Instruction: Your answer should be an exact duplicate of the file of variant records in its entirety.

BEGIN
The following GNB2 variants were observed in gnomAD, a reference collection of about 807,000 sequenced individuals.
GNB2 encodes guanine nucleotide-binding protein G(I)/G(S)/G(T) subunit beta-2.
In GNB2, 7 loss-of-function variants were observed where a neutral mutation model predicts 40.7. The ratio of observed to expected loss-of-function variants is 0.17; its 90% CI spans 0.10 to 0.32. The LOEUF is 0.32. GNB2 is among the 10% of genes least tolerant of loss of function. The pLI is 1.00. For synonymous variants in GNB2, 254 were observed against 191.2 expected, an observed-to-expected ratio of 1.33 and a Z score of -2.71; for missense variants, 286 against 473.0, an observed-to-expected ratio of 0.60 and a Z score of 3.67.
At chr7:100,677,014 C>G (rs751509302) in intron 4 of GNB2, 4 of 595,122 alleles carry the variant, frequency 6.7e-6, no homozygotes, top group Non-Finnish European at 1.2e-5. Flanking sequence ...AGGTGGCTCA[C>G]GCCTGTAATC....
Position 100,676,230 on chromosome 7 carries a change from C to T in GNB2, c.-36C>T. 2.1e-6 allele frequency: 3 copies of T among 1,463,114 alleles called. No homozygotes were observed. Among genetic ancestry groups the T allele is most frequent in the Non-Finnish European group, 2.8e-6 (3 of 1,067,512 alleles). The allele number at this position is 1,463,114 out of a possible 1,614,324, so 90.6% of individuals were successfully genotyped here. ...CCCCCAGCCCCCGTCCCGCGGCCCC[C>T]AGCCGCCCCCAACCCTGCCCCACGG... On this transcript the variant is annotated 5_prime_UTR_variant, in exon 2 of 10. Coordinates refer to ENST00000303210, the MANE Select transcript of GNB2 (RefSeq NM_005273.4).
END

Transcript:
The following GNB2 variants were observed in gnomAD, a reference collection of about 807,000 sequenced individuals.
GNB2 encodes guanine nucleotide-binding protein G(I)/G(S)/G(T) subunit beta-2.
In GNB2, 7 loss-of-function variants were observed where a neutral mutation model predicts 40.7. The ratio of observed to expected loss-of-function variants is 0.17; its 90% CI spans 0.10 to 0.32. The LOEUF is 0.32. GNB2 is among the 10% of genes least tolerant of loss of function. The pLI is 1.00. For synonymous variants in GNB2, 254 were observed against 191.2 expected, an observed-to-expected ratio of 1.33 and a Z score of -2.71; for missense variants, 286 against 473.0, an observed-to-expected ratio of 0.60 and a Z score of 3.67.
At chr7:100,677,014 C>G (rs751509302) in intron 4 of GNB2, 4 of 595,122 alleles carry the variant, frequency 6.7e-6, no homozygotes, top group Non-Finnish European at 1.2e-5. Flanking sequence ...AGGTGGCTCA[C>G]GCCTGTAATC....
Position 100,676,230 on chromosome 7 carries a change from C to T in GNB2, c.-36C>T. 2.1e-6 allele frequency: 3 copies of T among 1,463,114 alleles called. No homozygotes were observed. Among genetic ancestry groups the T allele is most frequent in the Non-Finnish European group, 2.8e-6 (3 of 1,067,512 alleles). The allele number at this position is 1,463,114 out of a possible 1,614,324, so 90.6% of individuals were successfully genotyped here. ...CCCCCAGCCCCCGTCCCGCGGCCCC[C>T]AGCCGCCCCCAACCCTGCCCCACGG... On this transcript the variant is annotated 5_prime_UTR_variant, in exon 2 of 10. Coordinates refer to ENST00000303210, the MANE Select transcript of GNB2 (RefSeq NM_005273.4).